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    Loic Gouarin
    @gouarin
    For you case, if you have a lot of holes, it is indeed a good idea to have this flag
    which is generally the case for porous media
    Amin Sadeghi
    @ma-sadeghi
    So, I added this flag:
            "lbm_algorithm": {
                'name': PullAlgorithm,
                'settings': {'check_isfluid': True}
            },
    and here's the error I got
    Traceback (most recent call last):
    
      File "C:\Users\Amin\anaconda3\envs\pylbm\lib\site-packages\pylbm\symbolic.py", line 251, in call_genfunction
        func_args = function.arg_dict.keys()
    
    AttributeError: 'cython_function_or_method' object has no attribute 'arg_dict'
    
    
    During handling of the above exception, another exception occurred:
    
    Traceback (most recent call last):
    
      File "C:\Users\Amin\Code\Image-Based Conductance\lbm_blobs.py", line 307, in <module>
        sol, err_log = run(im, dx, Tf, generator="cython", rtol=1e-5, with_plot=False)
    
      File "C:\Users\Amin\Code\Image-Based Conductance\lbm_blobs.py", line 137, in run
        sol.one_time_step()
    
      File "C:\Users\Amin\anaconda3\envs\pylbm\lib\site-packages\pylbm\monitoring.py", line 121, in wrapper
        output = f(*args, **kwds)
    
      File "C:\Users\Amin\anaconda3\envs\pylbm\lib\site-packages\pylbm\simulation.py", line 374, in one_time_step
        self.algo.call_function('one_time_step', self, **kwargs)
    
      File "C:\Users\Amin\anaconda3\envs\pylbm\lib\site-packages\pylbm\algorithm\base.py", line 624, in call_function
        call_genfunction(func, args)
    
      File "C:\Users\Amin\anaconda3\envs\pylbm\lib\site-packages\pylbm\symbolic.py", line 256, in call_genfunction
        d = {k:args[k] for k in func_args} #pylint: disable=invalid-name
    
      File "C:\Users\Amin\anaconda3\envs\pylbm\lib\site-packages\pylbm\symbolic.py", line 256, in <dictcomp>
        d = {k:args[k] for k in func_args} #pylint: disable=invalid-name
    
    KeyError: 'iv'
    Btw, I really appreciate the help you're providing. I have managed to convert the Poiseuille example to work on a binary image. If you think it's worth it, I can clean it up and make it a proper example on "How to get the permeability of porous materials using pylbm", and make a pull request.
    Loic Gouarin
    @gouarin
    It's a really good idea !
    I can reproduce your issue
    Loic Gouarin
    @gouarin
    @ma-sadeghi I fixed your issue in pylbm/pylbm#131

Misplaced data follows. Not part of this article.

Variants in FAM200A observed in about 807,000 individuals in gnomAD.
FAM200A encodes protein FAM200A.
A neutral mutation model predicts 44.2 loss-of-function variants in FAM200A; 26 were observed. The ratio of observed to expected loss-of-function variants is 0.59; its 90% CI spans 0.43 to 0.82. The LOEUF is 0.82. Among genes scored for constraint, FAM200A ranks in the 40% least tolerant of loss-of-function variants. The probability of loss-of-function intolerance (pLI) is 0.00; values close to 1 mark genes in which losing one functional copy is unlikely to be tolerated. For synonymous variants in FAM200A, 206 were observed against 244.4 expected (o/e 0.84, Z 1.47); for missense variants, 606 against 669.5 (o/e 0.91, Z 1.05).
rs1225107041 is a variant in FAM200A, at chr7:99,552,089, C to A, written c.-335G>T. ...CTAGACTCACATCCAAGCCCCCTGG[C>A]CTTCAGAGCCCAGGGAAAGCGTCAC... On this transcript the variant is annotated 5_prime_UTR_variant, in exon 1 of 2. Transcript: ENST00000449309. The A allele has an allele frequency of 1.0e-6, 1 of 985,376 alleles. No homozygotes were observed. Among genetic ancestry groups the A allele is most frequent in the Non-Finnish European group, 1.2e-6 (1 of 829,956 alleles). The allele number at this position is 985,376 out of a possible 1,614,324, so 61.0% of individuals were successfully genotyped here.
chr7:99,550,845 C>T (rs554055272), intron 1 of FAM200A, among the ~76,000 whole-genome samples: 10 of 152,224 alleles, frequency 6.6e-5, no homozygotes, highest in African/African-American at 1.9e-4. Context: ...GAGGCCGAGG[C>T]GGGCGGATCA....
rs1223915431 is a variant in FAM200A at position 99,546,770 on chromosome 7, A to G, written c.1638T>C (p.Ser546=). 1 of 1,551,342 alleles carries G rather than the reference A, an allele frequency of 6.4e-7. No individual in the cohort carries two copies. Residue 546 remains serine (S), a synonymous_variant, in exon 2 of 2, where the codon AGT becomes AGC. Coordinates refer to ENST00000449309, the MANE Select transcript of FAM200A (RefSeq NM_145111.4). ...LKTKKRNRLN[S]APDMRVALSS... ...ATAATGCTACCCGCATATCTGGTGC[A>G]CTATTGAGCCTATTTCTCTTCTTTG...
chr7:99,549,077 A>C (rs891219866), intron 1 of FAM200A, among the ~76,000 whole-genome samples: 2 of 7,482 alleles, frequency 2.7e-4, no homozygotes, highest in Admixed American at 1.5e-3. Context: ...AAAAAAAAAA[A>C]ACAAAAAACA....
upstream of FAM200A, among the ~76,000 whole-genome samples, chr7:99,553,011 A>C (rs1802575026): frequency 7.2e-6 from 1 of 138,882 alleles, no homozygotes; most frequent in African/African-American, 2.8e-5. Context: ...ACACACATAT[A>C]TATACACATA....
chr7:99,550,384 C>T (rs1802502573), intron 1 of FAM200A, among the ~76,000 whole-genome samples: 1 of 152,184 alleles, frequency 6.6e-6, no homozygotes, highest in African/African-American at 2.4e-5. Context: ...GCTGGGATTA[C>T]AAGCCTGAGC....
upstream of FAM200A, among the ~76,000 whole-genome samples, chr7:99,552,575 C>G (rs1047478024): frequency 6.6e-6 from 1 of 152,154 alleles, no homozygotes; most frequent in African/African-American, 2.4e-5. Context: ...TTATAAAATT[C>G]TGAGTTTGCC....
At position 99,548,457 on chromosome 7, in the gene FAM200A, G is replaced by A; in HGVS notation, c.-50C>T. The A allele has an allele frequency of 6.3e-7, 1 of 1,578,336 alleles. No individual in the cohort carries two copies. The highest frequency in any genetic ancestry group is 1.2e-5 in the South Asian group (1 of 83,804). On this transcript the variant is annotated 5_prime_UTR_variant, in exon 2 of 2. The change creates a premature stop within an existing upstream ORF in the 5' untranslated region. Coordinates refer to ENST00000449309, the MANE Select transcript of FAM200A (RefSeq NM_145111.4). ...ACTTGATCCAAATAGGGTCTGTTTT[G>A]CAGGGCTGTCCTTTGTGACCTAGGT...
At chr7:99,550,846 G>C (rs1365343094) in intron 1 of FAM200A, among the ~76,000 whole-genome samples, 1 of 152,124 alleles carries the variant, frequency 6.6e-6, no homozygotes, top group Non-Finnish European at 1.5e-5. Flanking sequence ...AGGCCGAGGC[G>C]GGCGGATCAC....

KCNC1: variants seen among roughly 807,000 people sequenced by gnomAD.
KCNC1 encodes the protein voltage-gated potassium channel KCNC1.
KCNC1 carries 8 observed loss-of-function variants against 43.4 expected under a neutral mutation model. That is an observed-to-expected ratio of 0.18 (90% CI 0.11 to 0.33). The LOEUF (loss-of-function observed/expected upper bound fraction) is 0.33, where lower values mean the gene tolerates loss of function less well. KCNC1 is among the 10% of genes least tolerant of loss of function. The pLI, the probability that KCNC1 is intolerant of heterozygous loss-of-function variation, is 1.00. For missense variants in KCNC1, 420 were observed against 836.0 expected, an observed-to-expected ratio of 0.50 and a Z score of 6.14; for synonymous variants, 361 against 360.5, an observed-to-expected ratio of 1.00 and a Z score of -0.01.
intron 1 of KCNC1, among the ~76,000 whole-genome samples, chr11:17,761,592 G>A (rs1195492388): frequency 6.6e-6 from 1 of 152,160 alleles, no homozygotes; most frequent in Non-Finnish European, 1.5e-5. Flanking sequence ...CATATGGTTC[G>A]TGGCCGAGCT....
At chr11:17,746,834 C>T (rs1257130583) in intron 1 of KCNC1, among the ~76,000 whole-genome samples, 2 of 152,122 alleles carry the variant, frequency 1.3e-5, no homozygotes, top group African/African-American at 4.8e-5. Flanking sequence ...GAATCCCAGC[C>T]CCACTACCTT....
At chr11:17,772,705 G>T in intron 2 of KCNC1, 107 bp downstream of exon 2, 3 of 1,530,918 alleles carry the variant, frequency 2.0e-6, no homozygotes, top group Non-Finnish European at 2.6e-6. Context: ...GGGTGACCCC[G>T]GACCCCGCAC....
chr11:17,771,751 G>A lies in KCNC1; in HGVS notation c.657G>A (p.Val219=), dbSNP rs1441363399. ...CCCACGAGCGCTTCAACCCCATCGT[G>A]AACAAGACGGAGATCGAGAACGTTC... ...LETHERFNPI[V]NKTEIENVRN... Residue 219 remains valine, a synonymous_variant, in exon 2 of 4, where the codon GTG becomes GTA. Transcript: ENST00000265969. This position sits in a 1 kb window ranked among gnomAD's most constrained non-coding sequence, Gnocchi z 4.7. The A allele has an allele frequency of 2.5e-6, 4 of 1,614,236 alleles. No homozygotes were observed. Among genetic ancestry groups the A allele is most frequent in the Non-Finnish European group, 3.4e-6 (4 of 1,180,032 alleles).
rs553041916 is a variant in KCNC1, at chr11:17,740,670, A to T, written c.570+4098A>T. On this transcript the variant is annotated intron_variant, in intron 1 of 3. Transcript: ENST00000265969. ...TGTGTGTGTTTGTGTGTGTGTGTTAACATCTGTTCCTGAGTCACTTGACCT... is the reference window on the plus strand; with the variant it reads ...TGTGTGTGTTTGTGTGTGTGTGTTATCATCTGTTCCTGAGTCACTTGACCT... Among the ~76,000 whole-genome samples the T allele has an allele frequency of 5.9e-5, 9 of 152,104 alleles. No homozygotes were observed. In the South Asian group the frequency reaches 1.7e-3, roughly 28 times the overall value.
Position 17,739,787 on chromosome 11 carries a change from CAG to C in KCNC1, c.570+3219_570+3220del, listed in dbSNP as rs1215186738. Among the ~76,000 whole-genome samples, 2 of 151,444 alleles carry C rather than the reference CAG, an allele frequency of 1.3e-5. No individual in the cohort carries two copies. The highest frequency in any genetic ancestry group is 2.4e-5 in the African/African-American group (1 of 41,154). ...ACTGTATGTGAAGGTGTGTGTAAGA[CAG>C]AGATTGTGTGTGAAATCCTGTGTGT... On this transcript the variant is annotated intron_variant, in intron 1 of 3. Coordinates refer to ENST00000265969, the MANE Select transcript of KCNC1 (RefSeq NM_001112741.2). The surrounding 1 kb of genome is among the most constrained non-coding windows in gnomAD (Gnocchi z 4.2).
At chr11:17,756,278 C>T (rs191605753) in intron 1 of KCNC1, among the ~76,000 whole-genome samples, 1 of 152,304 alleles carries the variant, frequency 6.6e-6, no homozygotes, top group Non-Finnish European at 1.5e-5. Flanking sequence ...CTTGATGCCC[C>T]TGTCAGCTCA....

Amin Sadeghi
    @ma-sadeghi
    @gouarin Thanks!
    I find that for using pylbm on binary images, a huge chunk of the time is spent generating pylbm-compatible geometry
    and it's because it involves nested for loops (2 for 2d and 3 for 3d) for creating a stack of Parallelograms
    Amin Sadeghi
    @ma-sadeghi
    is there a way to speed that up? I'm not familiar with cython, do you think it's doable in cython?
    it's not doable using numba because it only works with pure python objects (and a subset of numpy's), but we're creating a pylbm object (i.e. Parallelogram) inside the for loop, so it can't be jit-accelerated
    Amin Sadeghi
    @ma-sadeghi
    Also, on another note, is there a reason you have an upper limit on sympy version? Would it be too much work to lift it?
    Loic Gouarin
    @gouarin
    We use an old version of sympy because I rewrote the codegen of sympy which is broken for our usage. I have decided to integrate my changes into the sympy repo a long time ago.
    The PR was hard to review and I finally never finished it.
    But last week, I decided to make small PRs to have these new features inside sympy
    I hope to have all that I need in a few weeks since the changes will be split and easier to read and review
    It is a really bad issue now to have this limitation since we can't update python version
    For your first problem, could you explain more precesely where the nested loops come from ?
    What is your algortihm ?
    Loic Gouarin
    @gouarin
    @ma-sadeghi I started the process to update sympy ;) (https://github.com/sympy/sympy/pull/20877)
    Amin Sadeghi
    @ma-sadeghi
    @gouarin Really appreciate it :)
    Ok, here's my for loop